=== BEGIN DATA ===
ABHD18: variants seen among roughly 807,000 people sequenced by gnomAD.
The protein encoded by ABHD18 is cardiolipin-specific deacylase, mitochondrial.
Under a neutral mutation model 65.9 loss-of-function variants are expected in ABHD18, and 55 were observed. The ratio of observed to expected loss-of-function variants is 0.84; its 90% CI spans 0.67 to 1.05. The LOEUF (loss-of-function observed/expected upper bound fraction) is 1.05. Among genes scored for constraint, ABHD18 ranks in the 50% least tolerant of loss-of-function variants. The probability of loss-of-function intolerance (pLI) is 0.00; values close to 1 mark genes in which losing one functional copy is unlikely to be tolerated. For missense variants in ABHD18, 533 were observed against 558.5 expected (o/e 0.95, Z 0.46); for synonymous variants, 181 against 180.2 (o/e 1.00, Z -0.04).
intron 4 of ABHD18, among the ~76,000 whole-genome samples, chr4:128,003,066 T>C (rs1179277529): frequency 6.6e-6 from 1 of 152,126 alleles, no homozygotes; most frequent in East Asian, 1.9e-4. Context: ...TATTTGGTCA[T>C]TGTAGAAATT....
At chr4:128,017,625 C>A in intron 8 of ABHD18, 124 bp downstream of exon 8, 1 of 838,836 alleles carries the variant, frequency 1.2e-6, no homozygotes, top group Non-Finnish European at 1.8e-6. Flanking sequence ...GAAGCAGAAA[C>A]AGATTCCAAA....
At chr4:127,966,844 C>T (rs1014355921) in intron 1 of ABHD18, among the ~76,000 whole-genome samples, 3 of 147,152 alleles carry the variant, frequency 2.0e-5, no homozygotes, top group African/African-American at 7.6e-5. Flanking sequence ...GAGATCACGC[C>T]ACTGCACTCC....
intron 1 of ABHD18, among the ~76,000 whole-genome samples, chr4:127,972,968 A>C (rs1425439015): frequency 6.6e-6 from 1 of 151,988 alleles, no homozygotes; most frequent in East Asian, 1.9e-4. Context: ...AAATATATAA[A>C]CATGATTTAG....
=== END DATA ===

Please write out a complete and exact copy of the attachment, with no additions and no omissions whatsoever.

ABHD18: variants seen among roughly 807,000 people sequenced by gnomAD.
The protein encoded by ABHD18 is cardiolipin-specific deacylase, mitochondrial.
Under a neutral mutation model 65.9 loss-of-function variants are expected in ABHD18, and 55 were observed. The ratio of observed to expected loss-of-function variants is 0.84; its 90% CI spans 0.67 to 1.05. The LOEUF (loss-of-function observed/expected upper bound fraction) is 1.05. Among genes scored for constraint, ABHD18 ranks in the 50% least tolerant of loss-of-function variants. The probability of loss-of-function intolerance (pLI) is 0.00; values close to 1 mark genes in which losing one functional copy is unlikely to be tolerated. For missense variants in ABHD18, 533 were observed against 558.5 expected (o/e 0.95, Z 0.46); for synonymous variants, 181 against 180.2 (o/e 1.00, Z -0.04).
intron 4 of ABHD18, among the ~76,000 whole-genome samples, chr4:128,003,066 T>C (rs1179277529): frequency 6.6e-6 from 1 of 152,126 alleles, no homozygotes; most frequent in East Asian, 1.9e-4. Context: ...TATTTGGTCA[T>C]TGTAGAAATT....
At chr4:128,017,625 C>A in intron 8 of ABHD18, 124 bp downstream of exon 8, 1 of 838,836 alleles carries the variant, frequency 1.2e-6, no homozygotes, top group Non-Finnish European at 1.8e-6. Flanking sequence ...GAAGCAGAAA[C>A]AGATTCCAAA....
At chr4:127,966,844 C>T (rs1014355921) in intron 1 of ABHD18, among the ~76,000 whole-genome samples, 3 of 147,152 alleles carry the variant, frequency 2.0e-5, no homozygotes, top group African/African-American at 7.6e-5. Flanking sequence ...GAGATCACGC[C>T]ACTGCACTCC....
intron 1 of ABHD18, among the ~76,000 whole-genome samples, chr4:127,972,968 A>C (rs1425439015): frequency 6.6e-6 from 1 of 151,988 alleles, no homozygotes; most frequent in East Asian, 1.9e-4. Context: ...AAATATATAA[A>C]CATGATTTAG....